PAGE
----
Imagine this: If you, a human, were raised by a flock of Parrots, you would also experience communication frustration. Because our brains are also set up to learn a language through social interaction we would try to make sense of Parrot language to communicate with our flock members.

Even though our brains are programmed to develop a verbal language, we would be unable to create an efficient language out of the sounds a Parrot makes. Depending on the quality of our upbringing by our Parrot flock, we might eventually learn some of the Parrot language, allowing us to communicate in a rudimentary manner.

Did you know? A wild Parrot, listening to a human raised in his flock, would probably conclude that the human was ignorant; just trying to mimic Parrot language to get some attention!

Is Parrot Language as Complicated as Human Language?

Although there have not been any conclusive studies on Parrot vocabulary, studies on other animals, including many birds, indicate that wild Parrots probably have a vocabulary of sixty to one-hundred words, or word concepts, in their own Parrot language.

Because Parrot brains do not have the same well-developed frontal lobes that allow the human brain to think and ponder on an advanced level, they are most likely only able to develop the communication abilities of a two or three-year-old human.

Their communication needs are much less and mostly limited to the "here and now." Past experiences are only thought of when a similar situation reoccurs and thoughts of more than a few minutes into the future are not possible.


 

Compared to most animals, Parrots are an extremely emotional group. Parrots communicate their emotions mostly through body language instead of verbal language. Human vocabulary can exceed one million words, so body language is less important.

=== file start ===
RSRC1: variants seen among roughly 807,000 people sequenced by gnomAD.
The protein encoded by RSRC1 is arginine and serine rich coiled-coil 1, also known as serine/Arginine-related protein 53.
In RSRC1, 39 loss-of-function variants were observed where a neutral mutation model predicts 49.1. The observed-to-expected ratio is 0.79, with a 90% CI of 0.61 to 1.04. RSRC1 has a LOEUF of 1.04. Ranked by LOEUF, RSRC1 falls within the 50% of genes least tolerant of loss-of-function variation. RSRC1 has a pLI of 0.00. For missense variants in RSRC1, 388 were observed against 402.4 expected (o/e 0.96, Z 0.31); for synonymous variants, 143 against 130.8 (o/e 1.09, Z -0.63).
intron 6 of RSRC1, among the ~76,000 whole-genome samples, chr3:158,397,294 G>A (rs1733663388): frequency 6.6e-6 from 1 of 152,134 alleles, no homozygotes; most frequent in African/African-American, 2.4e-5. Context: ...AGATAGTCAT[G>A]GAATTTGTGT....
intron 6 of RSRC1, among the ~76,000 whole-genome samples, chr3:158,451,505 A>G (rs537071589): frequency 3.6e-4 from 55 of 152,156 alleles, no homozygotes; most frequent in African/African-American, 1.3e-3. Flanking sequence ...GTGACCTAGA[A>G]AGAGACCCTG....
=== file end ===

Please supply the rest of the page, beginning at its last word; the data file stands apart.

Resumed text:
But for animals, whose vocabularies are greatly limited, body language or physical communication accounts for up to ninety-percent of all communication. Parrots and other animals are able to combine verbal language and body language to create a multitude of communication signals.

So if a Parrot has a vocabulary potential of one-hundred words and one-hundred body language signals, he can combine these to create several hundred communication signals. Parrot owners often remark how much fun their Parrots have when the owner attempts to imitate or 'mimic' the body language of the bird.

If you decide to play this 'game' with your pet, just make sure that you have some idea of what your body language means to your Parrot!

Juvenile Speech Development:

The 'Auditory Template Hypothesis' is a complicated name for a relatively simple concept. The 'auditory template' makes speech possible and records, stores, and learns the sounds and types of sounds a particular species language is supposed to include.


 

Consider this example: Two dogs are reared in completely different environments. One is raised in captivity, while the other grows up in the wild. Because their auditory templates are fully developed at birth, their 'language' will be the same.

In contrast, if two humans, or Parrots, are raised in completely different environments, say one in Japan and one in the United States, they will speak totally different languages because their auditory templates have recorded different information.

Phase 1 of Language Development: (The Babble Producer)